The school has introduced bee hives on its site - and many of the youngsters have jumped at the chance to form their own bee club and learn all about the importance of bees to the environment.
It is thought that Bolton-le-Sands is now the only school in the area to have bee hives.
Staff have been trained to look after the bees and teach the children, and have been helped out by Lancaster Beekeepers Association.
Teaching assistant Caroline Nussey said: "We have a large garden at school with apple trees, a pond and raised beds surrounded by woodland which is the perfect environment for the introduction of honeybees.
"We are keen to invest positively in the future environment and teach children about actions we can take to shape the future.
"It has been a big undertaking, but we have a good team of trained staff who are willing!
"We hold a weekly bee club session for eight to 11-year-olds, and we have spent months preparing the children with theory, meeting beekeepers and fundraising.
"Lancaster Beekeepers Association sponsored the school and we have had a wealth of donations of hives, kit, building skills and practical help to create a secure on-site apiary."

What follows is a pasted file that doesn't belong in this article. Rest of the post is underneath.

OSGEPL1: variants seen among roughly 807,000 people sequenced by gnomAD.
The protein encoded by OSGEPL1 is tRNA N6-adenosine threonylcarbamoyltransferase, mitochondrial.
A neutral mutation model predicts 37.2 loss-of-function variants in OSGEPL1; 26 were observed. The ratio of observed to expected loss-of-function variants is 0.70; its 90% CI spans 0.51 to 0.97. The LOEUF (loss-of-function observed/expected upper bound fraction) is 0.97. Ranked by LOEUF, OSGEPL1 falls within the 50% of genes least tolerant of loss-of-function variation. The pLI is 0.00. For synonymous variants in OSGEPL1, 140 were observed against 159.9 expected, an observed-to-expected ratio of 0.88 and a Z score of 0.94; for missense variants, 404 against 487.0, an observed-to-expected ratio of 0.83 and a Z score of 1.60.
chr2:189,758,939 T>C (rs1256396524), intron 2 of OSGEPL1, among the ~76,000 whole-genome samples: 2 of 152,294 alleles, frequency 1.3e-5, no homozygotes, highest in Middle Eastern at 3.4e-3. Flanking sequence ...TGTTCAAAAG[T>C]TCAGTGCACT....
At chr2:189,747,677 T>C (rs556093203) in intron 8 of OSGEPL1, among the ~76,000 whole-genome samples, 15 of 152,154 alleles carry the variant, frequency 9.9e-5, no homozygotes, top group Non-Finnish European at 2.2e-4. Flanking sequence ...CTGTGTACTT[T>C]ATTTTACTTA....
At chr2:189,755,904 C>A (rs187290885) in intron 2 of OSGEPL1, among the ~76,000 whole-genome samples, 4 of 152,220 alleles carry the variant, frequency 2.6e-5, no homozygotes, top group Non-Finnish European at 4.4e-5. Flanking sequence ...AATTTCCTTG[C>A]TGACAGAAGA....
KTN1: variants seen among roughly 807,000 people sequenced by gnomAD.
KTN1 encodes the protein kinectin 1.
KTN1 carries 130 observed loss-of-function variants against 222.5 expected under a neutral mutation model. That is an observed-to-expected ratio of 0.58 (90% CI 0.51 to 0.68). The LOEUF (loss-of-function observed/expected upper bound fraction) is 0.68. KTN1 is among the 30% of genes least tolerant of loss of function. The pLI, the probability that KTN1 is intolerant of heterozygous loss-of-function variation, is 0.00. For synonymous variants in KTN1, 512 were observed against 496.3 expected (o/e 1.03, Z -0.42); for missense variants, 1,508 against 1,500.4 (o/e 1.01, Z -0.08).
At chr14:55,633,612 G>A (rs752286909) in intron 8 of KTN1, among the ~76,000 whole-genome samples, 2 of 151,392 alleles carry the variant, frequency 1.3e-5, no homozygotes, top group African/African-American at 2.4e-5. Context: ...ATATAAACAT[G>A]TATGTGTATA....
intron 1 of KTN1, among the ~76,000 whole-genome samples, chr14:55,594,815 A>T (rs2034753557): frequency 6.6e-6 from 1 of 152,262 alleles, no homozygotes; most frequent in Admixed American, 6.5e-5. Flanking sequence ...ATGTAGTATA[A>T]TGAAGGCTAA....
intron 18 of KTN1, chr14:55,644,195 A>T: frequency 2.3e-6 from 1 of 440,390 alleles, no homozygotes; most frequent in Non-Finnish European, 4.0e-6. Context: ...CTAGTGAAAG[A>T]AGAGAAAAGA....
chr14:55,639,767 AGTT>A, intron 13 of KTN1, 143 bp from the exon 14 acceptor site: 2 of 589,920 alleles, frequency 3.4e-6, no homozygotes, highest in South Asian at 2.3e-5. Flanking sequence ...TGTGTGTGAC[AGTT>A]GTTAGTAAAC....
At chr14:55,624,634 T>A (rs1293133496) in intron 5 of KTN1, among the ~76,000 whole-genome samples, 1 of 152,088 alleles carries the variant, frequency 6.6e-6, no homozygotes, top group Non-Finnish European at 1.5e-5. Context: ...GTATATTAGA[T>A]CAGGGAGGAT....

The children are now enjoying getting up close with their bees.
Here are just some of their thoughts on the school's new venture:
"I felt overwhelmed when I saw the bees because it was my first time beekeeping, also I have never seen so many bees in one place."
"Going into the hive was a bit scary thinking you would get stung, but in the end it was fine and we touched the bees and saw the queen lay an egg. It was fascinating because the bees followed the queen."
"I enjoyed being with the bees, I liked it when I put my hand on the bees gently and I could feel them vibrating."
"I think it was a once in a lifetime experience and I really enjoyed it. I liked the noise of the bees buzzing but it was very hot."